A Ministry of Health review of previously turned down requests to leave compulsory isolation early on compassionate grounds has come too late for one applicant, after their relative died before authorities could take a second look at the decision.
Under measures to stop the spread of Covid-19, all citizens and residents entering New Zealand - our borders are closed to foreigners - must spend 14 days in Government-controlled isolation.
But some of those arriving applied to the ministry to leave early on compassionate grounds, including to be with dying relatives.
The ministry came under fire this week after it was revealed all 32 applications for exemption from managed isolation on compassionate grounds had been rejected.
Among those turned down was Oliver Christiansen, who successfully challenged the decision in the High Court. He was able to spend 36 hours with his dying father, Anthony Christiansen, after Justice Tracey Walker said the ministry got it wrong.
Justice Walker's decision sparked widespread condemnation of the ministry's decision-making and the ministry started a review of decisions.
On Friday night, the ministry announced the results of the review. Five rejected applications had been overturned and 14 remained unchanged.
Another two applicants had already finished managed isolation when the review began, while one person had withdrawn their application, the ministry said.
A ministry spokeswoman confirmed one application had been withdrawn because the applicant's relative had died. Details on the case are not known.
The Herald reported this week on Los Angeles-based Kiwi Rachel Henderson, who was urgently seeking an exemption from mandatory isolation to be with her gravely ill father.
Henderson told the Herald on Saturday that her father, Colin, had since died in Christchurch Hospital.
She had not withdrawn her application and still intended to fly to New Zealand to make arrangements for her father, she said.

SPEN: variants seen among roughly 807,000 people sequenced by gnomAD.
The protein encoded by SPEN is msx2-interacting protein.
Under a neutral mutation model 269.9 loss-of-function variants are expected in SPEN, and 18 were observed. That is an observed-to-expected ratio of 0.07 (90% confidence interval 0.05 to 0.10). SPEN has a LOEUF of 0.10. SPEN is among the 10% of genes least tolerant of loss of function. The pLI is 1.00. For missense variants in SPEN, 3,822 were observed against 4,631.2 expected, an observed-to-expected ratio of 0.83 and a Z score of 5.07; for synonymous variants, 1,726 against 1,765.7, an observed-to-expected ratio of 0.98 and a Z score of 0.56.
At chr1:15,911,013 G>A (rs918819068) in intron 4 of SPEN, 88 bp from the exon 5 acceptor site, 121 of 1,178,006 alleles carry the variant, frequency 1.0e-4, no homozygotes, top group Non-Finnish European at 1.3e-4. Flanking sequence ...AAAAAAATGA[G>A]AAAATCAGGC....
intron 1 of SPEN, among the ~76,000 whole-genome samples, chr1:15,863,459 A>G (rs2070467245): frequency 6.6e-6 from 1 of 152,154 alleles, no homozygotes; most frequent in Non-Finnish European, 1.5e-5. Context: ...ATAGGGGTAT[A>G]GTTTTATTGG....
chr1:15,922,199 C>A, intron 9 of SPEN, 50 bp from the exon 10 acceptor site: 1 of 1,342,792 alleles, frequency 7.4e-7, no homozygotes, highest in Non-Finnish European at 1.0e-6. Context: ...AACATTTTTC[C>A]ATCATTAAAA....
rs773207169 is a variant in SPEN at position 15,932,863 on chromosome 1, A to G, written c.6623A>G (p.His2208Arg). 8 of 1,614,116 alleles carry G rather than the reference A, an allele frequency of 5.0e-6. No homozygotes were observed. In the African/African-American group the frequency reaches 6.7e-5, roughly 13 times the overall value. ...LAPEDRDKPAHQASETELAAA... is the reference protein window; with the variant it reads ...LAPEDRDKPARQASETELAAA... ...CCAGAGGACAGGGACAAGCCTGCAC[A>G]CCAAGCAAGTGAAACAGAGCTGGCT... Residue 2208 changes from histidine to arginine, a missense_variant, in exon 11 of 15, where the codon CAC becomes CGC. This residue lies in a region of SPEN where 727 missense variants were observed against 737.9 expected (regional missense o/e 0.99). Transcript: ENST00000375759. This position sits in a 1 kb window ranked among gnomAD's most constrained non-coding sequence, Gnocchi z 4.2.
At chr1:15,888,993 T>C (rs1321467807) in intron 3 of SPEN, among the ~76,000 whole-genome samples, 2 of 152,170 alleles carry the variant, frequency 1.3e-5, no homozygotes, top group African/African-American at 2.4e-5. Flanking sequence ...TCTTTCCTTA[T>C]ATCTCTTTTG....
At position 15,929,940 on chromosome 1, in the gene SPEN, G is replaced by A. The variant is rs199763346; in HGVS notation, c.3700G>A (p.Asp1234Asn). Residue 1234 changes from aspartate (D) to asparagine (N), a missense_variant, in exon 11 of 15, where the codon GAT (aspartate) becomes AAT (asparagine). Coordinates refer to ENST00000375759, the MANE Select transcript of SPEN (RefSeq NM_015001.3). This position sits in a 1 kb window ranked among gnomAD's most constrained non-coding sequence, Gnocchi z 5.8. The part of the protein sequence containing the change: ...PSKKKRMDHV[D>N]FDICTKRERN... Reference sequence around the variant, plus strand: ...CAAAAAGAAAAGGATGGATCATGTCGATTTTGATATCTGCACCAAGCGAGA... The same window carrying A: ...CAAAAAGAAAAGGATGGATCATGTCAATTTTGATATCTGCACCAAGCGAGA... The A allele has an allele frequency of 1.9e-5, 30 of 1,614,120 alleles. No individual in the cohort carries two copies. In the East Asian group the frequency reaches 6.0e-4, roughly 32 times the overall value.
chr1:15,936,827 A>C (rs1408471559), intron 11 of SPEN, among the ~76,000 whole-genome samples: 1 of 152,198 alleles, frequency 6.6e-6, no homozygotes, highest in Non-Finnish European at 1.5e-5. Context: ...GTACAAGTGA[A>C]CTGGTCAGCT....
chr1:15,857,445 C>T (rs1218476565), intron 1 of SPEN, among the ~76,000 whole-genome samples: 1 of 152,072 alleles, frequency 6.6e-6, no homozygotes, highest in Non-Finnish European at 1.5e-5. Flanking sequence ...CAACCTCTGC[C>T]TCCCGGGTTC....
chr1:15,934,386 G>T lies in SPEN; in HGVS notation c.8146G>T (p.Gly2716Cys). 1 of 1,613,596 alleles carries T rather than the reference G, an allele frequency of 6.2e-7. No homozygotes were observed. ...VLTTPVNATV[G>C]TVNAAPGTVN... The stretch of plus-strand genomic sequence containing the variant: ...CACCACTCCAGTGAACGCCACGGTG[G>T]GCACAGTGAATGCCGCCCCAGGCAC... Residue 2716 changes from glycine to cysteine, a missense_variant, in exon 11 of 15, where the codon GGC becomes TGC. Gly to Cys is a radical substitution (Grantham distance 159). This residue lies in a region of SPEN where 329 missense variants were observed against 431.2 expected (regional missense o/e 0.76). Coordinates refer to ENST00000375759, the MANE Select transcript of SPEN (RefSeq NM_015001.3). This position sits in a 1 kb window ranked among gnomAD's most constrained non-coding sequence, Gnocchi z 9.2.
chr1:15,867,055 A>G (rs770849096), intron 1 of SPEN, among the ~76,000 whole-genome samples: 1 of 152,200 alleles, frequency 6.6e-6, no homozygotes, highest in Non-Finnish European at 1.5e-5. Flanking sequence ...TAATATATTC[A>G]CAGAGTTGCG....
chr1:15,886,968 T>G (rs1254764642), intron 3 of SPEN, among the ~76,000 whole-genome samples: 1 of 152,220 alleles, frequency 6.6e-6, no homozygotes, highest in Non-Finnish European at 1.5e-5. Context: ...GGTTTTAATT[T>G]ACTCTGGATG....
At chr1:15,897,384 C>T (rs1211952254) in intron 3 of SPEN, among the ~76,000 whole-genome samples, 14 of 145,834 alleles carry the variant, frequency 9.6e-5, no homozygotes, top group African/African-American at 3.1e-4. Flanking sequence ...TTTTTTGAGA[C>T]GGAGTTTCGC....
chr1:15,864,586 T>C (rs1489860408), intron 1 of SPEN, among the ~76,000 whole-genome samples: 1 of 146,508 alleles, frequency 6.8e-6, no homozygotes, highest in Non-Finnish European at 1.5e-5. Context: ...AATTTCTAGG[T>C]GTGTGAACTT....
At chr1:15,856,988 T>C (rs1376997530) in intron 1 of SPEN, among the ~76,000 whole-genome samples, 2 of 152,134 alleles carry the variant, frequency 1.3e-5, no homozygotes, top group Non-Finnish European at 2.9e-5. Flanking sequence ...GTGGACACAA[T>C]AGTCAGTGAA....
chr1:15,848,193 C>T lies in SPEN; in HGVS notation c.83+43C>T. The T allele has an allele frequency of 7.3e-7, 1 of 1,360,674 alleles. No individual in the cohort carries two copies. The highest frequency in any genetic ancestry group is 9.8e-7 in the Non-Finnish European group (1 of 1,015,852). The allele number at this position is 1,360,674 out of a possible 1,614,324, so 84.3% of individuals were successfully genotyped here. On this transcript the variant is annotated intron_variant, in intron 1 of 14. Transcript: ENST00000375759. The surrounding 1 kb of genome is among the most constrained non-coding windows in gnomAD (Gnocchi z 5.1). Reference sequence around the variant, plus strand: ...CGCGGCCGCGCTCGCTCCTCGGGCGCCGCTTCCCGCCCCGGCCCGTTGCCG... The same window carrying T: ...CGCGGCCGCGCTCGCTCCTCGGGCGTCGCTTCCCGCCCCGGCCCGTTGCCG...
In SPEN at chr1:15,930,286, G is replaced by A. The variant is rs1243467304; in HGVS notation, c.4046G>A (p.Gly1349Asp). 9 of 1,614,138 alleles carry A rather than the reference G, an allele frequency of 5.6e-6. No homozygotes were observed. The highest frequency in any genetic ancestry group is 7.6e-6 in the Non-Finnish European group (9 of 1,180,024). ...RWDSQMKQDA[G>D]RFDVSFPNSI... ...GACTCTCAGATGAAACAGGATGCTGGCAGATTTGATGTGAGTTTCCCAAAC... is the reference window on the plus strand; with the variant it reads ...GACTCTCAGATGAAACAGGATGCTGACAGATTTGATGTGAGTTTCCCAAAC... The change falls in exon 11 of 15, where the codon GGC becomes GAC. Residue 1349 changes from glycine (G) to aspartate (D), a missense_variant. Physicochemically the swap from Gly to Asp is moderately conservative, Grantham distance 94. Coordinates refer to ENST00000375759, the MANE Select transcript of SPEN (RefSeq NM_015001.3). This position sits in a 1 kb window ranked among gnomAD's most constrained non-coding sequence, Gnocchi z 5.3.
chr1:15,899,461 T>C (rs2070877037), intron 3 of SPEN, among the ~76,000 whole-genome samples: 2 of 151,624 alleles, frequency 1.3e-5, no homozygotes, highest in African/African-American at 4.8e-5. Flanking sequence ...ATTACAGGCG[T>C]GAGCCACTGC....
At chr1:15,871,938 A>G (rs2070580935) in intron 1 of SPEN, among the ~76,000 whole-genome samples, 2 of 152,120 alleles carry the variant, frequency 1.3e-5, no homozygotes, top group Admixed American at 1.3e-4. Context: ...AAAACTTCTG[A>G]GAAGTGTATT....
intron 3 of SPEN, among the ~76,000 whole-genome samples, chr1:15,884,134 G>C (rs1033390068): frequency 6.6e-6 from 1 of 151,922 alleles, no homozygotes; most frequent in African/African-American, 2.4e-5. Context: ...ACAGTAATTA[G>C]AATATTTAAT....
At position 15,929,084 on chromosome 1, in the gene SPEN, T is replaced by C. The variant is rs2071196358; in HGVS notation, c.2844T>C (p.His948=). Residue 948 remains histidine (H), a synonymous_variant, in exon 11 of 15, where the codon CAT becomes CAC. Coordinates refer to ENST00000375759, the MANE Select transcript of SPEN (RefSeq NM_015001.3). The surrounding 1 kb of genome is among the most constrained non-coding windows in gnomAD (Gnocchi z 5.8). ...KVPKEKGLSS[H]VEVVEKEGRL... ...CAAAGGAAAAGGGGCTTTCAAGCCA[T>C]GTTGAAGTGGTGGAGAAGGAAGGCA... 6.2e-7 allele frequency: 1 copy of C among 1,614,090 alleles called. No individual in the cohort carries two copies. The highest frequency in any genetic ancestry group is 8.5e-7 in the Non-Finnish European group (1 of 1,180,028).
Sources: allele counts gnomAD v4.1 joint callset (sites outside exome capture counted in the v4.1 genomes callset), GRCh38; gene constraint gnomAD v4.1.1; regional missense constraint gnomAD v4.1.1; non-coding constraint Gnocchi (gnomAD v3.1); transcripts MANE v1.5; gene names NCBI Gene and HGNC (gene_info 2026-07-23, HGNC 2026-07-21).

The ministry spokeswoman also confirmed further details around the five applications which were now approved under the review.
"Three of the applicants were seeking isolation exemptions to attend funerals. Two applicants were seeking an exemption to visit a dying relative.
"The relatives remained alive at the time the exemption was granted."
The ministry were still waiting for further information from 10 people in support of their applications, five of whom are still overseas and yet to travel to New Zealand, the ministry said last night.
Applications were all reviewed by a separate team based in the National Crisis Management Centre, the ministry said.
"We undertook this review following the High Court case last week that overturned one such decision to ensure that the appropriate process had been followed for other similar applications for exemption.
"In parallel, the Ministry of Health updated the exemptions application process and criteria to ensure these are explicit and take into account the findings of the High Court judgement."
They continued to receive a large number of new applications for exemptions and all would be processed according to the new criteria.
"Protecting the border from Covid-19 remains a top priority as part of New Zealand's overall elimination strategy and we will continue to look very carefully at any request for an exemption from managed isolation."
Some of those told they can't leave managed isolation early have shared their stories with media, including mining contractor Bernie Ryan.
Ryan told RNZ on Friday that he left Australia on Sunday after the condition of his wife Christine Taylor, who has terminal lung cancer, worsened and she'd been given hours to live.
Ryan is under managed isolation at a hotel in Auckland, and said despite showing no illness symptoms and a letter of support from his GP, the Ministry of Health had repeatedly refused his request for exemption.
"When I departed [for Australia] to go to work, my wife was unwell but she was making progress ... but things turned for the worst."
His three "distraught" children were yesterday with Taylor in Christchurch but wanted their dad, Ryan told RNZ.
The Ministry of Health said Ryan would have received a letter explaining why his application has been declined and its exemptions team would contact him to explain further.